A human factors perspective
The current news headlines of COVID-19 vaccines bring the possibility of routine air travel in 2021. The impact of the pandemic on airlines has been devastating – the International Civil Aviation Organization (ICAO) estimates a global loss of passenger revenue from Jan to Nov 2020 of approximately US$358 billion; with similar impacts on tourism and exports. Successful vaccines will provide a much-needed boost to the aviation industry. However, even with successful vaccination programs, consumer confidence may remain low for some time.
The airline industry is reporting that the risk of coronavirus transmission in-flight is extremely low. However, air travel will require multiple layers of protection: managed queuing, contactless processing, face masks, sanitizer and COVID-19 testing will be part of the landscape for some time to come.
Besides the risk of virus transmission during air travel, there are several human factors issues to consider as aviation activity returns. During the COVID-19 pandemic, up to 64% of the global aircraft fleet has been in storage (around 17000 aircraft) and tens of thousands of pilots have also been grounded for many months. The human factors implications of this are significant.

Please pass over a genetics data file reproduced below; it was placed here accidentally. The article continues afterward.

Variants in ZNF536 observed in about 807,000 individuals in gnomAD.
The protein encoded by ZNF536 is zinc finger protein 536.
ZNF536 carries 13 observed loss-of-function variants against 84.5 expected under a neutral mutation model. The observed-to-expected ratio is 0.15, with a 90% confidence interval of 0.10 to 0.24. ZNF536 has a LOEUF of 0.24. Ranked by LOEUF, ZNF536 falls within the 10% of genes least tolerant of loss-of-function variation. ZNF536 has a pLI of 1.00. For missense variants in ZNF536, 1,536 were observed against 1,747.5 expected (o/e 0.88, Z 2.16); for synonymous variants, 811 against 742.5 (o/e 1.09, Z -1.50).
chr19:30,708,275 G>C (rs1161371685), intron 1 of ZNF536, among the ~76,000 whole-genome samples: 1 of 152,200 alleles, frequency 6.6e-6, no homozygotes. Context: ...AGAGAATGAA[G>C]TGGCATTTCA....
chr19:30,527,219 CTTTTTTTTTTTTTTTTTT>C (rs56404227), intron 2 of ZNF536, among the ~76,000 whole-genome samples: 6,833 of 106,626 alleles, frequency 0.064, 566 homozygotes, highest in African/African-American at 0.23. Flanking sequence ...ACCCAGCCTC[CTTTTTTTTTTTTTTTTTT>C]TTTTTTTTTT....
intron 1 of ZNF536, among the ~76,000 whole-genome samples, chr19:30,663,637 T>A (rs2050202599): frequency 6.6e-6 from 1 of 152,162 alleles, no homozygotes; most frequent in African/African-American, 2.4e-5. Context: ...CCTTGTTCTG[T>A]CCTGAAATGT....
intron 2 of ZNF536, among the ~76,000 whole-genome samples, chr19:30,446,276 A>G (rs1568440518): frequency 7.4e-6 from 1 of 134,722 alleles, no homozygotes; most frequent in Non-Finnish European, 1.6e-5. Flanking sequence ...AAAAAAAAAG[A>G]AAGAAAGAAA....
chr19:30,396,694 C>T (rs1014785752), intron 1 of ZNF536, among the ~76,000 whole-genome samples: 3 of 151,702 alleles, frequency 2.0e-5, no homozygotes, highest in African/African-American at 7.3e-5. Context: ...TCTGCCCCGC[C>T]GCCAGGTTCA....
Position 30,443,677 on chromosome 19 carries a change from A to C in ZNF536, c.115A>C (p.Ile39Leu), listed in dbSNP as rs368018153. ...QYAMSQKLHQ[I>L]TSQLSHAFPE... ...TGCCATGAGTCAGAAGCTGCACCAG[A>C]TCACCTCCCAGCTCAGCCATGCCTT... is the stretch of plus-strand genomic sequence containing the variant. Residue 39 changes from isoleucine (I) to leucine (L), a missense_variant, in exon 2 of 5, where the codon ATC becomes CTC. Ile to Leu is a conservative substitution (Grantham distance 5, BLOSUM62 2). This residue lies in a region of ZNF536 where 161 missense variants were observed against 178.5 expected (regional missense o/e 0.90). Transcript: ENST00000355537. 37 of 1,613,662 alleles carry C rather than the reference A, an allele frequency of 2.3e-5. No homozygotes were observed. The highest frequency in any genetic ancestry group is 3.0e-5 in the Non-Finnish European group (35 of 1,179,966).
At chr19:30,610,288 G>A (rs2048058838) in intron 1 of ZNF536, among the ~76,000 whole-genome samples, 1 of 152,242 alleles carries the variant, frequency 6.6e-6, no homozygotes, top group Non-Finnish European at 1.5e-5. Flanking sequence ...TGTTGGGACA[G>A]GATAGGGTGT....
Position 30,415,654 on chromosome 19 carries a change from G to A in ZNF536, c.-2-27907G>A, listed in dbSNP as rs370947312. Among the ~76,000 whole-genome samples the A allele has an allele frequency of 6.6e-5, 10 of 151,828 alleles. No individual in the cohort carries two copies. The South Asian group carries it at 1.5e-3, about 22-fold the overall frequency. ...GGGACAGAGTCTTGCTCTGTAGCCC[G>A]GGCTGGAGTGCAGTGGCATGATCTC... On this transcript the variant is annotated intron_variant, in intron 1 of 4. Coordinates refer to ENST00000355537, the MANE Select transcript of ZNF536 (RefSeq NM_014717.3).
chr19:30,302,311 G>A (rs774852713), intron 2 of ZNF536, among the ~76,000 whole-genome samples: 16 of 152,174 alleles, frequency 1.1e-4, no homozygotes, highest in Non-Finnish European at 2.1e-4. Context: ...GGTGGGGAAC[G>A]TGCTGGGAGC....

The International Air Transport Association (IATA) issued an Operations Notice in June 2020 to highlight an increased number of “Unstable Approaches”. These are precursors to high-impact events, such as runway excursions and hard landings.
15 September 2020: Runway excursion
An Airbus A330, flight number LNI208 operated by Lion Air, was travelling from Jakarta to Medan with 11 crew and 307 passengers. On landing at Medan during bad weather, the aircraft partially left the runway, with the left wheels veering onto the grass, breaking two runway lights.
The initial investigation report highlights difficulties in maintaining pilot proficiency and experience during the COVID-19 pandemic. The Pilot in Command had flown a total of only 2hrs 56mins in the previous 90 days; the Second in Command had not flown at all in the previous 90 days – his last flight was 1 February 2020. The Indonesian Directorate General of Civil Aviation (DGCA) issued an exemption from the usual competency and experience requirements, due to limitations on both travel during the pandemic and limited access to training simulators. Authorities in many other countries have issued similar exemptions or extensions.